by Emily Vontom, Published January 23, 2013
Eastern Michigan University junior Tolu Olorunda's childhood education in Nigeria was less than ideal. Schools were in bad shape, and there were often not enough books and desks to go around.
In 2004, Olorunda's wish for a better education came true when he moved to Muncie, Ind. with his mother and brother and attended Muncie Central High School. One of his first classes was with a young English teacher who inspired him to write short essays and poems. In his senior year, his American government teacher encouraged him and took his ideas seriously, even when they disagreed politically.
"I had just begun becoming more aware and conscious of the social and political complexities of society," Olorunda says. His teacher's encouragement gave Olorunda the confidence to keep prodding.
After high school, Olorunda continued to write, and started reading the works of authors like Chekhov, Maya Angelou and Tennessee Williams, and the work of cultural critics including Henry Giroux. It was Giroux who first put Olorunda in touch with Chris Robbins, an associate professor in EMU's College of Education.
Olorunda was admitted to Eastern and began classes in January 2011. He is working on an individualized studies program, completing three minors rather than the traditional major and minor combination.
"I try to tap into as many different fields as possible to get a fuller grasp of reality," says Olorunda. "Put differently, I'm looking at the same frame through multiple angles. In my program, I'm studying elements of sociology, political science, art and education."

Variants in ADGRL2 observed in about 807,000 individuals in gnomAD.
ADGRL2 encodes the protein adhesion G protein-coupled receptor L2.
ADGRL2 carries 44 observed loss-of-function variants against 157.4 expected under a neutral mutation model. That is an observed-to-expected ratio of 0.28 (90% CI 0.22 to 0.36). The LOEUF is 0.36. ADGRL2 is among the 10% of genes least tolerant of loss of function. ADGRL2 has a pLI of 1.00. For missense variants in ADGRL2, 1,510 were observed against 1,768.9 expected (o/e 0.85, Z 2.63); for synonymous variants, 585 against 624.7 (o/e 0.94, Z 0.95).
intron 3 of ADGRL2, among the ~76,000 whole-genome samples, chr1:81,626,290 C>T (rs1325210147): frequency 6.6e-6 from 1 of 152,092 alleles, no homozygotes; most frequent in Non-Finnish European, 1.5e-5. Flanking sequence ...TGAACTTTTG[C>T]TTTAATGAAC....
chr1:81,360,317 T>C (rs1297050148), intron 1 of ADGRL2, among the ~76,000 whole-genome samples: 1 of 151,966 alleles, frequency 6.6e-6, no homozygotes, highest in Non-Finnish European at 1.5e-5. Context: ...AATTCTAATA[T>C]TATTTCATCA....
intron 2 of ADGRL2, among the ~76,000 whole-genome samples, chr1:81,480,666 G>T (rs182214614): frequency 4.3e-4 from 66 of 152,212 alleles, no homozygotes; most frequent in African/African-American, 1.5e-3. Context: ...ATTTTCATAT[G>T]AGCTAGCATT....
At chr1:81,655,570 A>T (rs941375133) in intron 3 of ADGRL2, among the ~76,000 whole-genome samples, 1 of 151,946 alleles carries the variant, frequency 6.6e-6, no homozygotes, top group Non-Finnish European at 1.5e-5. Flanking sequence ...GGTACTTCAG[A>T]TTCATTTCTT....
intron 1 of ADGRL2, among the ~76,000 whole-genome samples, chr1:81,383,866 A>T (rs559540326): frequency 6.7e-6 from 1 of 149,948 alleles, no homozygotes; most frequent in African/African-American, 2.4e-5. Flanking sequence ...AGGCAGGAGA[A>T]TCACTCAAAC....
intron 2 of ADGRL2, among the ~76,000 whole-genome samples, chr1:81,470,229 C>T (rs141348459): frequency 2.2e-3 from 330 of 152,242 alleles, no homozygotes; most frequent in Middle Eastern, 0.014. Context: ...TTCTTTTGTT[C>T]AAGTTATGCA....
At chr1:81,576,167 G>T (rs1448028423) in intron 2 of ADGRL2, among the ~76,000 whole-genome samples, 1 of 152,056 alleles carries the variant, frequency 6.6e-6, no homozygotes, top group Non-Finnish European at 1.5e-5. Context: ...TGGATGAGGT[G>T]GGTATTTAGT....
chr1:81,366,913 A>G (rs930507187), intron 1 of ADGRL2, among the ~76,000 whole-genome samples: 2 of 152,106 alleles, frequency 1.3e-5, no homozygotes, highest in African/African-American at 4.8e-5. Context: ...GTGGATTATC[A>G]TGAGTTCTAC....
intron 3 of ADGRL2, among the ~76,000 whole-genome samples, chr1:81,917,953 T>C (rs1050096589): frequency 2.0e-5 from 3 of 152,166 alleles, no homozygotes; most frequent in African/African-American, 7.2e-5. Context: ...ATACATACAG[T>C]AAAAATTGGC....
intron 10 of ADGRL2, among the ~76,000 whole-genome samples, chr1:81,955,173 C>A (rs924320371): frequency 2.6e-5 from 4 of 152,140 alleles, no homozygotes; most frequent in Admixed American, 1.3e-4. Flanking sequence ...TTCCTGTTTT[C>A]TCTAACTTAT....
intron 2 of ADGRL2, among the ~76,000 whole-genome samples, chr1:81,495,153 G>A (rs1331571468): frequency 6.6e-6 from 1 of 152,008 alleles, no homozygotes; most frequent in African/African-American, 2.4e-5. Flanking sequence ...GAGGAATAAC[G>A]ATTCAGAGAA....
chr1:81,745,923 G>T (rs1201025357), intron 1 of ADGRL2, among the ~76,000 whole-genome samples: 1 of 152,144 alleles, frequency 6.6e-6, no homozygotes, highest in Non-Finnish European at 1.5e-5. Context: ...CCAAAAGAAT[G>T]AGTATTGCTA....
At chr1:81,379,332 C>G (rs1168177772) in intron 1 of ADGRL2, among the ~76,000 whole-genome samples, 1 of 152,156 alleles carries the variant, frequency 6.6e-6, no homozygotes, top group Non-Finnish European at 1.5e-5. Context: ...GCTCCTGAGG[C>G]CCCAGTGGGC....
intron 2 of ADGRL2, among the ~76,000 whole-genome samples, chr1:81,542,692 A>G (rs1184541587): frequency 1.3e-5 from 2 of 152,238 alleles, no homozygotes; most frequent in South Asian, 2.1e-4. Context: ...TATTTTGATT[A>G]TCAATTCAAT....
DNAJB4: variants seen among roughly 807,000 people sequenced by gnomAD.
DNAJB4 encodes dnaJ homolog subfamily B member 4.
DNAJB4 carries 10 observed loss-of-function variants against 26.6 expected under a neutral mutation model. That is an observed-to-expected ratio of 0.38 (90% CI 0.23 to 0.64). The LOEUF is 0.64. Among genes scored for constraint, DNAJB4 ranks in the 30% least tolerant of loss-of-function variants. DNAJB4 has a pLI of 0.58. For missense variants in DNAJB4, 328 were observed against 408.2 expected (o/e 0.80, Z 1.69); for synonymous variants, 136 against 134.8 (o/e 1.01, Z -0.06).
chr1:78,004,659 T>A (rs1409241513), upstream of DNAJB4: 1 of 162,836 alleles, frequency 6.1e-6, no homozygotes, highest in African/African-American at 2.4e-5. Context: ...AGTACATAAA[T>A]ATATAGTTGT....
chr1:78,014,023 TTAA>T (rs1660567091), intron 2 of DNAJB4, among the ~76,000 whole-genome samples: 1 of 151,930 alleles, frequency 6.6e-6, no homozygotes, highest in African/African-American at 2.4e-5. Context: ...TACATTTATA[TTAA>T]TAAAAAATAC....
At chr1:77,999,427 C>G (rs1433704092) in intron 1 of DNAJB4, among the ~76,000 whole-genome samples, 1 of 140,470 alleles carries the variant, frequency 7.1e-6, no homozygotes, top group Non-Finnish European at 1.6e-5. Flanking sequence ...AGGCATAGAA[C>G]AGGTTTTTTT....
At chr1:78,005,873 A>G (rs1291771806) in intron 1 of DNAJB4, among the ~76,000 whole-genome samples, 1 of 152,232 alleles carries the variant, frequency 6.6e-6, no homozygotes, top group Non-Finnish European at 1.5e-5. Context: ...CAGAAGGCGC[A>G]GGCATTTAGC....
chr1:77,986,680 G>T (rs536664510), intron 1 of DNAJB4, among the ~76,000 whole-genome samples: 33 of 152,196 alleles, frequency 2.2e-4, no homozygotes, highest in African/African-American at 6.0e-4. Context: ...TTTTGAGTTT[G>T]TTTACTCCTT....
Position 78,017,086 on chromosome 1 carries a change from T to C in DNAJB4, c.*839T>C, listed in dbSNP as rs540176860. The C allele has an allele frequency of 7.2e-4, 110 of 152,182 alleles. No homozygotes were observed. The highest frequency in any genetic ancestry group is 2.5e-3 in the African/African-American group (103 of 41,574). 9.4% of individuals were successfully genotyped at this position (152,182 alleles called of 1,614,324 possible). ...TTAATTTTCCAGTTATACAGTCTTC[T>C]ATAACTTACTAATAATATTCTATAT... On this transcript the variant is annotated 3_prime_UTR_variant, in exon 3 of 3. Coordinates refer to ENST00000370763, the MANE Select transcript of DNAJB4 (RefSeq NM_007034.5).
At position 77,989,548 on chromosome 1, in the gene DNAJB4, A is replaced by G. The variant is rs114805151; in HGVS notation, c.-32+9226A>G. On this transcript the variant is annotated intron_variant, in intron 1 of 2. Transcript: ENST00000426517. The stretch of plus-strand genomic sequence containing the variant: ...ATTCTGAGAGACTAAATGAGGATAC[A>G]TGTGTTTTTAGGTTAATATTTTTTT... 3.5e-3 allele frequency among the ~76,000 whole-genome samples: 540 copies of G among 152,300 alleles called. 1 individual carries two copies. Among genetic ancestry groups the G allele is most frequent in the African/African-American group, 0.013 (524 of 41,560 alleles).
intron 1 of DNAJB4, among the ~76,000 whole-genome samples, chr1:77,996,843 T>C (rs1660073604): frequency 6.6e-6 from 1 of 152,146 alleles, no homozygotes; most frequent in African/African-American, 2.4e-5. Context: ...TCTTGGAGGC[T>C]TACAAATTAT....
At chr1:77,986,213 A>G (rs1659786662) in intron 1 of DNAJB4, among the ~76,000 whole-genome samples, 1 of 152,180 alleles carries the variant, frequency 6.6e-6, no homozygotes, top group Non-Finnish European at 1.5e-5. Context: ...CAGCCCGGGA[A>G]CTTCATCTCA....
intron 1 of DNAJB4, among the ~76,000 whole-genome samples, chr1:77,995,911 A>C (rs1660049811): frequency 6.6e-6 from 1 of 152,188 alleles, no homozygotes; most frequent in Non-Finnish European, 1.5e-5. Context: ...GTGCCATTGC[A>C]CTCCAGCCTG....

In 2011, with the help of Giroux, Olorunda released "The Substance of Truth," a compilation of essays exploring social issues within the U.S. and beyond.
"It is an examination of our current dominant cultures," says Olorunda. "Mass media, Disney, youth culture, hip-hop culture and neoliberalism. It also comments on political culture in terms of identity politics, social networking, civic discourse, and, of course, the Obama administration."
Olorunda was invited to present his work at the 2012 Belfast Book Festival in Belfast, Northern Ireland. While there, Olorunda talked about the importance of listening to the voices of invisible members of society.
"Art should be a medium for youth to define themselves in a society that renders them disposable and redundant," Olorunda says. "They should be able to talk back, to document their struggles. Societies should treasure these critiques as the duty of every citizen: to make the world ever more democratic."